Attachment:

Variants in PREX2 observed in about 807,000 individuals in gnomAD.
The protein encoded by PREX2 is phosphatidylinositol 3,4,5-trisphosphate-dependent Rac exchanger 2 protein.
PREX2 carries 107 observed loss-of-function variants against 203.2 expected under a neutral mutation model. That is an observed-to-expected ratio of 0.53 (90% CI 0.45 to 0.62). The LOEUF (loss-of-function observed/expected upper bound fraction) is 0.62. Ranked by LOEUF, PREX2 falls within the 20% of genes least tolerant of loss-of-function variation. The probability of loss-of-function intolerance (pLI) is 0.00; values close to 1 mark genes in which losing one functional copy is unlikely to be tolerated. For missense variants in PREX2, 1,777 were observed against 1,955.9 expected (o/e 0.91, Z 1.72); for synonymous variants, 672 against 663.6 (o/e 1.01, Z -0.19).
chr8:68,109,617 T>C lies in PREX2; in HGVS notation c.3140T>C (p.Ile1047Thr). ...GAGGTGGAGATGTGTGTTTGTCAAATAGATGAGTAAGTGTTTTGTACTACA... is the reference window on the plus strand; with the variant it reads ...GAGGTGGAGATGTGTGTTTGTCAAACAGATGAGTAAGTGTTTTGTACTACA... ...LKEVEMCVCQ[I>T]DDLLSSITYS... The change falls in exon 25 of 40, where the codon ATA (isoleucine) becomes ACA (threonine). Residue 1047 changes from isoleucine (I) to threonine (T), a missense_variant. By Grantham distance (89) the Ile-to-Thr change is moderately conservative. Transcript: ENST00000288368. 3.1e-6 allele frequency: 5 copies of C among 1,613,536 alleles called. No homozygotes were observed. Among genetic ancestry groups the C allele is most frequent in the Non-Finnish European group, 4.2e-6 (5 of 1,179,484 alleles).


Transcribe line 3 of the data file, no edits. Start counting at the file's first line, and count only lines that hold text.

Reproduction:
PREX2 carries 107 observed loss-of-function variants against 203.2 expected under a neutral mutation model. That is an observed-to-expected ratio of 0.53 (90% CI 0.45 to 0.62). The LOEUF (loss-of-function observed/expected upper bound fraction) is 0.62. Ranked by LOEUF, PREX2 falls within the 20% of genes least tolerant of loss-of-function variation. The probability of loss-of-function intolerance (pLI) is 0.00; values close to 1 mark genes in which losing one functional copy is unlikely to be tolerated. For missense variants in PREX2, 1,777 were observed against 1,955.9 expected (o/e 0.91, Z 1.72); for synonymous variants, 672 against 663.6 (o/e 1.01, Z -0.19).